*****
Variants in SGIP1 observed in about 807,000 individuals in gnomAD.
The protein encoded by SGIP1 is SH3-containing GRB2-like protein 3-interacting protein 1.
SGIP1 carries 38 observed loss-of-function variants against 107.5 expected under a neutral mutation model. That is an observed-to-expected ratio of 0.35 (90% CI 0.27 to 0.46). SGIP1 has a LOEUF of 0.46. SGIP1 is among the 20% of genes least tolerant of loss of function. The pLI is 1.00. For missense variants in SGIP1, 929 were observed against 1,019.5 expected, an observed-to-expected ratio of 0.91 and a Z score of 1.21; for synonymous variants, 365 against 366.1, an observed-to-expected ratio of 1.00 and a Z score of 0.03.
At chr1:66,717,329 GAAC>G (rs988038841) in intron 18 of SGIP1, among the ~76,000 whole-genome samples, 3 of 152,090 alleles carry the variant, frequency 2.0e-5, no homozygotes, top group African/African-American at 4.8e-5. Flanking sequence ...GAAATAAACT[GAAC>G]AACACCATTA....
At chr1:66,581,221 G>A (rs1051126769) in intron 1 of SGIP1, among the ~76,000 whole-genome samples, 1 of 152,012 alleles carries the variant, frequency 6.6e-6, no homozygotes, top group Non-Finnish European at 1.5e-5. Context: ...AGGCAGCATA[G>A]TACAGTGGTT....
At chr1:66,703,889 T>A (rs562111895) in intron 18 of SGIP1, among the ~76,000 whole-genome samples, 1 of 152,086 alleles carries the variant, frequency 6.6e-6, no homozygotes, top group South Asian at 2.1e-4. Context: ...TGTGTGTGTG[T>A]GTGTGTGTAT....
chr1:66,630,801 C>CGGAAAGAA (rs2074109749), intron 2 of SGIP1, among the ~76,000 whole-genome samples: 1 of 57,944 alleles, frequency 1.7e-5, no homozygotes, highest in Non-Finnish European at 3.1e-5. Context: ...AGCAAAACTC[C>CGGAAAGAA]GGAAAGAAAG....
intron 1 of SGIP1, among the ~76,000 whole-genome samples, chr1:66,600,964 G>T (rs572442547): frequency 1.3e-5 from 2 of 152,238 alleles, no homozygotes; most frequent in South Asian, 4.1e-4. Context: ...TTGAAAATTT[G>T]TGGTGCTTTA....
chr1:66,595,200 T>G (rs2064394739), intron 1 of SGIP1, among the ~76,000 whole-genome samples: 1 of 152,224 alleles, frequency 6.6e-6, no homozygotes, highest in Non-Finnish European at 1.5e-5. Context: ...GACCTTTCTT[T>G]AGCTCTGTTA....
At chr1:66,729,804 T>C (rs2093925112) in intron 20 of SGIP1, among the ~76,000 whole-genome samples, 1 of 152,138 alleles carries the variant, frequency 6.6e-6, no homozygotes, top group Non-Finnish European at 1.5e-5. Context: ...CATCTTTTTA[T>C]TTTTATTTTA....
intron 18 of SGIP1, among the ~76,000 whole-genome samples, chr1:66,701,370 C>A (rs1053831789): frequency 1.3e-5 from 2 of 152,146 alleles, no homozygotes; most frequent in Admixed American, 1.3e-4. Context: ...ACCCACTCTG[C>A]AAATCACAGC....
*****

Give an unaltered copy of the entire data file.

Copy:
Variants in SGIP1 observed in about 807,000 individuals in gnomAD.
The protein encoded by SGIP1 is SH3-containing GRB2-like protein 3-interacting protein 1.
SGIP1 carries 38 observed loss-of-function variants against 107.5 expected under a neutral mutation model. That is an observed-to-expected ratio of 0.35 (90% CI 0.27 to 0.46). SGIP1 has a LOEUF of 0.46. SGIP1 is among the 20% of genes least tolerant of loss of function. The pLI is 1.00. For missense variants in SGIP1, 929 were observed against 1,019.5 expected, an observed-to-expected ratio of 0.91 and a Z score of 1.21; for synonymous variants, 365 against 366.1, an observed-to-expected ratio of 1.00 and a Z score of 0.03.
At chr1:66,717,329 GAAC>G (rs988038841) in intron 18 of SGIP1, among the ~76,000 whole-genome samples, 3 of 152,090 alleles carry the variant, frequency 2.0e-5, no homozygotes, top group African/African-American at 4.8e-5. Flanking sequence ...GAAATAAACT[GAAC>G]AACACCATTA....
At chr1:66,581,221 G>A (rs1051126769) in intron 1 of SGIP1, among the ~76,000 whole-genome samples, 1 of 152,012 alleles carries the variant, frequency 6.6e-6, no homozygotes, top group Non-Finnish European at 1.5e-5. Context: ...AGGCAGCATA[G>A]TACAGTGGTT....
At chr1:66,703,889 T>A (rs562111895) in intron 18 of SGIP1, among the ~76,000 whole-genome samples, 1 of 152,086 alleles carries the variant, frequency 6.6e-6, no homozygotes, top group South Asian at 2.1e-4. Context: ...TGTGTGTGTG[T>A]GTGTGTGTAT....
chr1:66,630,801 C>CGGAAAGAA (rs2074109749), intron 2 of SGIP1, among the ~76,000 whole-genome samples: 1 of 57,944 alleles, frequency 1.7e-5, no homozygotes, highest in Non-Finnish European at 3.1e-5. Context: ...AGCAAAACTC[C>CGGAAAGAA]GGAAAGAAAG....
intron 1 of SGIP1, among the ~76,000 whole-genome samples, chr1:66,600,964 G>T (rs572442547): frequency 1.3e-5 from 2 of 152,238 alleles, no homozygotes; most frequent in South Asian, 4.1e-4. Context: ...TTGAAAATTT[G>T]TGGTGCTTTA....
chr1:66,595,200 T>G (rs2064394739), intron 1 of SGIP1, among the ~76,000 whole-genome samples: 1 of 152,224 alleles, frequency 6.6e-6, no homozygotes, highest in Non-Finnish European at 1.5e-5. Context: ...GACCTTTCTT[T>G]AGCTCTGTTA....
At chr1:66,729,804 T>C (rs2093925112) in intron 20 of SGIP1, among the ~76,000 whole-genome samples, 1 of 152,138 alleles carries the variant, frequency 6.6e-6, no homozygotes, top group Non-Finnish European at 1.5e-5. Context: ...CATCTTTTTA[T>C]TTTTATTTTA....
intron 18 of SGIP1, among the ~76,000 whole-genome samples, chr1:66,701,370 C>A (rs1053831789): frequency 1.3e-5 from 2 of 152,146 alleles, no homozygotes; most frequent in Admixed American, 1.3e-4. Context: ...ACCCACTCTG[C>A]AAATCACAGC....